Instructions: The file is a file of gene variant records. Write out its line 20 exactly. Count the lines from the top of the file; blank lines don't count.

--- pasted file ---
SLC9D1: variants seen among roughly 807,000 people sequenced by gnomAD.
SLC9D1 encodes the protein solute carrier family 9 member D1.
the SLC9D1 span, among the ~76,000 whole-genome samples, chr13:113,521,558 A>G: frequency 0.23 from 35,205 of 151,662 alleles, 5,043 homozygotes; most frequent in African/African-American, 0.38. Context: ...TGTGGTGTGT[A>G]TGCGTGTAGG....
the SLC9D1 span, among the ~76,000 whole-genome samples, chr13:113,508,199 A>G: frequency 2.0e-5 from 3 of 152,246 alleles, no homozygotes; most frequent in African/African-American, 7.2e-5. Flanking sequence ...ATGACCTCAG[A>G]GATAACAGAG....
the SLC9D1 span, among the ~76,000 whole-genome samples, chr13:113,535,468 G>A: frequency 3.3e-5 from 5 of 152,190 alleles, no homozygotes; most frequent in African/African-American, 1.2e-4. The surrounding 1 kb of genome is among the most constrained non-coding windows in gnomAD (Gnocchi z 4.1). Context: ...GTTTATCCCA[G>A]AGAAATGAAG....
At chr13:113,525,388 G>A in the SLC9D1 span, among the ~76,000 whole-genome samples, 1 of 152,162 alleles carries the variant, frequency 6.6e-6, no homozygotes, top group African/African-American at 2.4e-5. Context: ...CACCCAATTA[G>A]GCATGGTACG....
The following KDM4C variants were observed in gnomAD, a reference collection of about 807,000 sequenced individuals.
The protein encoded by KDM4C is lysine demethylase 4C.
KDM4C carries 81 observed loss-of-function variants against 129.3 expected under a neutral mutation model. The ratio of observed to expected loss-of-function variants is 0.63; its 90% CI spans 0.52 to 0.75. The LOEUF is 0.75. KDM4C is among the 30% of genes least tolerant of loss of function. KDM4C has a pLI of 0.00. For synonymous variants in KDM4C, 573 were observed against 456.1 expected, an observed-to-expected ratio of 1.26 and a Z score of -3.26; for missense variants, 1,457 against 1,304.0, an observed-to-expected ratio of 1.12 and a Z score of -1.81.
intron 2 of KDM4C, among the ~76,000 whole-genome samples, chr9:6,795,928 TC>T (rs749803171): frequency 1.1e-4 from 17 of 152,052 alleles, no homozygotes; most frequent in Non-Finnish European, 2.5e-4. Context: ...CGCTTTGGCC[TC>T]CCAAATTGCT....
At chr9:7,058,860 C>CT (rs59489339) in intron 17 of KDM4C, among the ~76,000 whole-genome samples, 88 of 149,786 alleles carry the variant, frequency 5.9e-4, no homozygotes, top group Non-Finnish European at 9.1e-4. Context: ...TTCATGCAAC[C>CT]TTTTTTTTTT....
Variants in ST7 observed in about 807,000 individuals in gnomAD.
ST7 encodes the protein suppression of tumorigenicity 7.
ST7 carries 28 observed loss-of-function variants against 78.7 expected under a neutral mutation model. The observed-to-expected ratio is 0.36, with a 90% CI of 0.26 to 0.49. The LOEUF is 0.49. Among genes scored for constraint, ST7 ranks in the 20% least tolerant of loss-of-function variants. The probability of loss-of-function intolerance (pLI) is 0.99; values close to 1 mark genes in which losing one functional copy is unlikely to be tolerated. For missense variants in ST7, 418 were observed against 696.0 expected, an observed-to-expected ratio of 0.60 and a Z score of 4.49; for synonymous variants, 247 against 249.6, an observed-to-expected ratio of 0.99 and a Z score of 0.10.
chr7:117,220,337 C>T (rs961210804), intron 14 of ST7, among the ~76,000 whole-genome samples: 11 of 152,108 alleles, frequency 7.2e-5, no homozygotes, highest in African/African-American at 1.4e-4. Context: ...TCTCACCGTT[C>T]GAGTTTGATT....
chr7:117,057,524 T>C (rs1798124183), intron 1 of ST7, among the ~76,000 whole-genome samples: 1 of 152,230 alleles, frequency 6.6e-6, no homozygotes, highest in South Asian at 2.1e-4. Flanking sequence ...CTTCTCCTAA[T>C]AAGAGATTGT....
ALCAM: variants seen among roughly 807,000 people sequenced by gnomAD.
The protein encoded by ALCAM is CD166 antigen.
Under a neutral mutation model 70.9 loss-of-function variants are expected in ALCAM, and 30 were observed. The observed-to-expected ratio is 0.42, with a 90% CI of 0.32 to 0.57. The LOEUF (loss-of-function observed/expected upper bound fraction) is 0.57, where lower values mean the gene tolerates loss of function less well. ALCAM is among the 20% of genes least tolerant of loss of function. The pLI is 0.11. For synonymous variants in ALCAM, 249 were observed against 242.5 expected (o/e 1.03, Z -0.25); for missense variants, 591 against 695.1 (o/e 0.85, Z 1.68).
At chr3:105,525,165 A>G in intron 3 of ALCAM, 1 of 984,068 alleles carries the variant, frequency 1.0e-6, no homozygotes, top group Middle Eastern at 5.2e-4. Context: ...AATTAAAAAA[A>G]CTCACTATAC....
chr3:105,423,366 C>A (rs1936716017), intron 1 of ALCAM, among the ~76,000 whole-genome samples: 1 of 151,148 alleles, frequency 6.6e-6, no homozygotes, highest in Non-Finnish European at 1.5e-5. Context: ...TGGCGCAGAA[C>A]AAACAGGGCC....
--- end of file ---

At chr3:105,525,165 A>G in intron 3 of ALCAM, 1 of 984,068 alleles carries the variant, frequency 1.0e-6, no homozygotes, top group Middle Eastern at 5.2e-4. Context: ...AATTAAAAAA[A>G]CTCACTATAC....